Top positive review
How African Americans Used Law and Legal Action to Seize Citizenship for Themselves
Reviewed in the United States on October 26, 2018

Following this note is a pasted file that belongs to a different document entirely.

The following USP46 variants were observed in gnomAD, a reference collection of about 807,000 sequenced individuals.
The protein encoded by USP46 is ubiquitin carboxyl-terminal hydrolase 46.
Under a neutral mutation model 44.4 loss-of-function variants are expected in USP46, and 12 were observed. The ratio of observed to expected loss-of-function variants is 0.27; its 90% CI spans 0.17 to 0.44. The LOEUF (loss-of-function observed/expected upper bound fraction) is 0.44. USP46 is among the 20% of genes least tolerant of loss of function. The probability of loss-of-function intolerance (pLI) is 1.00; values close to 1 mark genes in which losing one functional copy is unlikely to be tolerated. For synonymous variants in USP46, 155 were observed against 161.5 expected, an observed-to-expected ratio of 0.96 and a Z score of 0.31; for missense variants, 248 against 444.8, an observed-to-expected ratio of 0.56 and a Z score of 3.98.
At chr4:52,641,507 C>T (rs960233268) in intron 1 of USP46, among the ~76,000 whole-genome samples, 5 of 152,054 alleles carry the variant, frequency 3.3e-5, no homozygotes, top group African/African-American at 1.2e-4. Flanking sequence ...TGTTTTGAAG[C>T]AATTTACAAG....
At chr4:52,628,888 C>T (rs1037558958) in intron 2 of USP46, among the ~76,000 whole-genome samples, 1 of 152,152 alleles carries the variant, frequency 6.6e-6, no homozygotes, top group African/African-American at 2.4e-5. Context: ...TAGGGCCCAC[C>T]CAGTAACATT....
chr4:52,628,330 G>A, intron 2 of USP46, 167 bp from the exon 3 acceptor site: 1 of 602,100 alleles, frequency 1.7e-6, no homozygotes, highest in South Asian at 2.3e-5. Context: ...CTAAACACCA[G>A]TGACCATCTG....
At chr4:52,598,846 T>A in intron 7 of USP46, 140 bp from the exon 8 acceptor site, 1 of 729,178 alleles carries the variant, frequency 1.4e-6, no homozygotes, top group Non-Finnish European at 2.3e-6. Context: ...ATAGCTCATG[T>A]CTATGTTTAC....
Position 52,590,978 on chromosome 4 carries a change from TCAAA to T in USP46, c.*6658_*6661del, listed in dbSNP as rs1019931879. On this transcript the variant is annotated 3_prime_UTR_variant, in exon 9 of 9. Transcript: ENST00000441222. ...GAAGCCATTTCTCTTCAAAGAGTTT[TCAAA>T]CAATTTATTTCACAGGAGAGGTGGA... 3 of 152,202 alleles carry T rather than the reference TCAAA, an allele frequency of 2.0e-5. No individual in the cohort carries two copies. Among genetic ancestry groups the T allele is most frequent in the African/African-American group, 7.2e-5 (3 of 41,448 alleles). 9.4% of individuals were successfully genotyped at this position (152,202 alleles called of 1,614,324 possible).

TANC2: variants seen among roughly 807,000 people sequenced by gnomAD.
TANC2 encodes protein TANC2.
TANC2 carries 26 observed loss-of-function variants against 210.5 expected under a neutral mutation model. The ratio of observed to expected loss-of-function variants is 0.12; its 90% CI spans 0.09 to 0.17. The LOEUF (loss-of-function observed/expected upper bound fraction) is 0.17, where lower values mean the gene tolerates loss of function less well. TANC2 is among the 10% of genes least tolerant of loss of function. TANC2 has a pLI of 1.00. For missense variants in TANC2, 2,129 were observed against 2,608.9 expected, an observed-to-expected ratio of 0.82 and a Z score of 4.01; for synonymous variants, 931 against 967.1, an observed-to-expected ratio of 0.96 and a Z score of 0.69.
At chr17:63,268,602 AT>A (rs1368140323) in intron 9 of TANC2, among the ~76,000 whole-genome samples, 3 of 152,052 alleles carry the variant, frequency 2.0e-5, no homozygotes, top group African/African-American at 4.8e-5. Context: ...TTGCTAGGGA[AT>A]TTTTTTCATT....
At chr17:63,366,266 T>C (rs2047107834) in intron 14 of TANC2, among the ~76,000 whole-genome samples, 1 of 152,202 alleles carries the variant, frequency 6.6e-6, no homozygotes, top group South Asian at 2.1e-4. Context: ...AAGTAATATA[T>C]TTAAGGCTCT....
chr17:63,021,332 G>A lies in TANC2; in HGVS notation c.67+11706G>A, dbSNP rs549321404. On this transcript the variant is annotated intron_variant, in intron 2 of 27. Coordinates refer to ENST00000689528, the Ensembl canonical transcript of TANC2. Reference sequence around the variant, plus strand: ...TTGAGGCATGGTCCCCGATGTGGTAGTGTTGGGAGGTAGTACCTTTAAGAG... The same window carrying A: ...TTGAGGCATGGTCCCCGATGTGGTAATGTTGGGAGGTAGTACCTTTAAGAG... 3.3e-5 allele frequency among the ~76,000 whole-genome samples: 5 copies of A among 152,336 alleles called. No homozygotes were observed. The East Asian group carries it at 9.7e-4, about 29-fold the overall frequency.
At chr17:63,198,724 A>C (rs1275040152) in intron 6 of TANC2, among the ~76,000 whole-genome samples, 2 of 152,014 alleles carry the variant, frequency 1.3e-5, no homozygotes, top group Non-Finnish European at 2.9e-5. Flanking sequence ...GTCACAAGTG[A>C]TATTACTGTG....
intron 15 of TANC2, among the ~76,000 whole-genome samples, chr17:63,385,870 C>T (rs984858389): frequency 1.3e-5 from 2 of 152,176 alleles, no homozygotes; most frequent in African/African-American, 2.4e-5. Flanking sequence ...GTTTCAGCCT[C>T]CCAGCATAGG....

Martha S. Jones has delved into a wide range of archival sources to tell the story of extraordinary black activists who overcame white supremacy (including colonization plans designed to exile blacks) by relentlessly pressing for rights through legislative action and the court system in antebellum Baltimore. The stories are told through the lenses of black seamen, black churches, property and firearm ownership, and efforts to adjudicate claims in Baltimore city and Maryland state courthouses. Jones's powerful concluding chapter on the legacy of the 1857 Dred Scott decision in Maryland underscores the Kafkaesque situation blacks could face; i.e., that a state could grant citizenship rights without granting citizenship--even in the wake of judicial rulings stating that blacks, while "inferior and subordinate" to whites, had "standing." Jones's prior career as a public interest lawyer in New York City allows her to approach this subject with insight and sensitivity.